President Kenyatta is accompanied by Cabinet Secretaries Monica Juma (Foreign Affairs) and Prof. George Magoha (Education) among other senior government officials.

PHOTO COURTESY: PSCU

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PHOTOS: Narcotic miraa seized at JKIA

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Detectives at Jomo Kenyatta airport, Nairobi, have intercepted 500 kilogrammes of narcotic dry miraa concealed as tea packets for export to the US, Australia and Austria.

The drugs were hidden in 52 packets, packed as green stevia tea, according to a statement from the Directorate of Criminal Investigations (DCI).

DCI on Tuesday said the packets were sent by various exporters and were on their way out when detectives smoked out the drugs during a routine screening.

The heroin that was found hidden inside speakers at Jomo Kenyatta International Airport in Nairobi. PHOTO | COURTESY

The Kenya Revenue Authority has issued a seizure notice on the narcotics.

While this was khat (also qat) laced with hard drugs, debate on whether miraa is a drug or a harmless stimulant has been raging on for years.

The leaf, whose active ingredient is cathinone, is grown mainly in Yemen and East Africa— Kenya, Ethiopia, some parts of Uganda and in Madagascar.

It has been associated with various health problems, such as impotence in men, dental complications as well as heart conditions.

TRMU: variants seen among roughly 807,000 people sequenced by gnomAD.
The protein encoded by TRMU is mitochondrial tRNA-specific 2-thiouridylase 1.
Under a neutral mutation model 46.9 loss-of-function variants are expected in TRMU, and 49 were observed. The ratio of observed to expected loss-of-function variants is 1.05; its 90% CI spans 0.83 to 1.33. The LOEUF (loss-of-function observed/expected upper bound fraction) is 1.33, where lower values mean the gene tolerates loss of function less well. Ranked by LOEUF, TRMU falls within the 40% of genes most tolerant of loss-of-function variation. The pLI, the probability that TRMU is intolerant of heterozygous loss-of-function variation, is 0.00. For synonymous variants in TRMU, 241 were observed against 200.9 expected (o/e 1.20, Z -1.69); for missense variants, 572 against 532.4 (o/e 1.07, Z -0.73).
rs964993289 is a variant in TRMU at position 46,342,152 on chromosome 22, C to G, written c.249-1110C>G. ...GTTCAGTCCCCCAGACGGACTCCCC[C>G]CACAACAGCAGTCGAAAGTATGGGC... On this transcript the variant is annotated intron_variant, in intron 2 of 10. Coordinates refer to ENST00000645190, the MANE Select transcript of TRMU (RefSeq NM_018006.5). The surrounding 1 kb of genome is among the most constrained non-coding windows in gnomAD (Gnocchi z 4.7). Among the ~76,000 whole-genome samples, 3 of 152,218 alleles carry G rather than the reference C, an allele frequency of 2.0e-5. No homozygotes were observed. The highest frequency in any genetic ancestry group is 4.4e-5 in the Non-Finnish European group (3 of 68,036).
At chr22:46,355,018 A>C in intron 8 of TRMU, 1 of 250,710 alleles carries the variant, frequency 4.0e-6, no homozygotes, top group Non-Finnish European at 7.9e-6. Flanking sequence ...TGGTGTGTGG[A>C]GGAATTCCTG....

The compounds cathinone and cathine, active ingredients of the mild stimulant, were listed in a schedule of harmful compounds in the 2000s, effecting the ban on the crop in the US, Norway, Canada and Sweden.

Khat is quasi-legal (its legality is ambiguous), as Lee Cassanelli, a scholar who wrote a seminal chapter on the drug, once said.

The heroin that was found concealed as make-up. PHOTO | COURTESY

In Kenya, it is not only legal but also a main cash crop in Meru and Tharaka Nithi counties.

Miraa gained popularity in the rest of the world after Somalis, who are very fond of it, trevelled with it around the globe.

But in 2013, the Netherlands, which acted as a transport hub for the drug to rest of the world, also banned it.

The then Dutch Immigration Minister Gerd Leers is quoted by Radio Netherlands as saying that 10 percent of Somali men in the country were badly affected by the drug.

“They are lethargic and refuse to co-operate with the government or take responsibility for themselves or their families,” he said.

A government report released to back the ban also cited that noise, litter and perceived public threat posed by the men who used the drug were the reasons behind the move.

The UK soon after declared miraa a class C drug, banning further imports of the stimulant into the country.

Kenya’s biggest market for miraa today is Somalia, with 90 percent of the product going there.

Mogadishu once banned the stimulant after Nairobi banned direct flights between the two cities over terrorism fears.

source:nation.co.ke